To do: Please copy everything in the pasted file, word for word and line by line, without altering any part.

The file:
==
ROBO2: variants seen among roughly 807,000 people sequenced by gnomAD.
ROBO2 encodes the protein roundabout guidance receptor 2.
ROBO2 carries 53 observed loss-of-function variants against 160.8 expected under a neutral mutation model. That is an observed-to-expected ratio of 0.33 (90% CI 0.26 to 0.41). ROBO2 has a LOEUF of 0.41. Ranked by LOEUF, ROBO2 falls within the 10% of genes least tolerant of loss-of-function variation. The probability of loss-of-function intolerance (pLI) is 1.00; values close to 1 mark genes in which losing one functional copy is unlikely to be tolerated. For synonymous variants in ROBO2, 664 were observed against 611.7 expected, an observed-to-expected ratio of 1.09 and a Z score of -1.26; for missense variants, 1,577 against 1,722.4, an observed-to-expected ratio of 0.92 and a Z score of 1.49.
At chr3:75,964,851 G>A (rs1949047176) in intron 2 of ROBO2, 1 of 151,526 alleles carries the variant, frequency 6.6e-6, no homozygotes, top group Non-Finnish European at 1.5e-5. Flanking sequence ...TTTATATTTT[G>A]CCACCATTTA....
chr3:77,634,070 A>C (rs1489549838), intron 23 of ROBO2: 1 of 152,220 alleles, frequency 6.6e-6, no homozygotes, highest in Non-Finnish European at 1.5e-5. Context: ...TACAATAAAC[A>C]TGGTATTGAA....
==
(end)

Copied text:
ROBO2: variants seen among roughly 807,000 people sequenced by gnomAD.
ROBO2 encodes the protein roundabout guidance receptor 2.
ROBO2 carries 53 observed loss-of-function variants against 160.8 expected under a neutral mutation model. That is an observed-to-expected ratio of 0.33 (90% CI 0.26 to 0.41). ROBO2 has a LOEUF of 0.41. Ranked by LOEUF, ROBO2 falls within the 10% of genes least tolerant of loss-of-function variation. The probability of loss-of-function intolerance (pLI) is 1.00; values close to 1 mark genes in which losing one functional copy is unlikely to be tolerated. For synonymous variants in ROBO2, 664 were observed against 611.7 expected, an observed-to-expected ratio of 1.09 and a Z score of -1.26; for missense variants, 1,577 against 1,722.4, an observed-to-expected ratio of 0.92 and a Z score of 1.49.
At chr3:75,964,851 G>A (rs1949047176) in intron 2 of ROBO2, 1 of 151,526 alleles carries the variant, frequency 6.6e-6, no homozygotes, top group Non-Finnish European at 1.5e-5. Flanking sequence ...TTTATATTTT[G>A]CCACCATTTA....
chr3:77,634,070 A>C (rs1489549838), intron 23 of ROBO2: 1 of 152,220 alleles, frequency 6.6e-6, no homozygotes, highest in Non-Finnish European at 1.5e-5. Context: ...TACAATAAAC[A>C]TGGTATTGAA....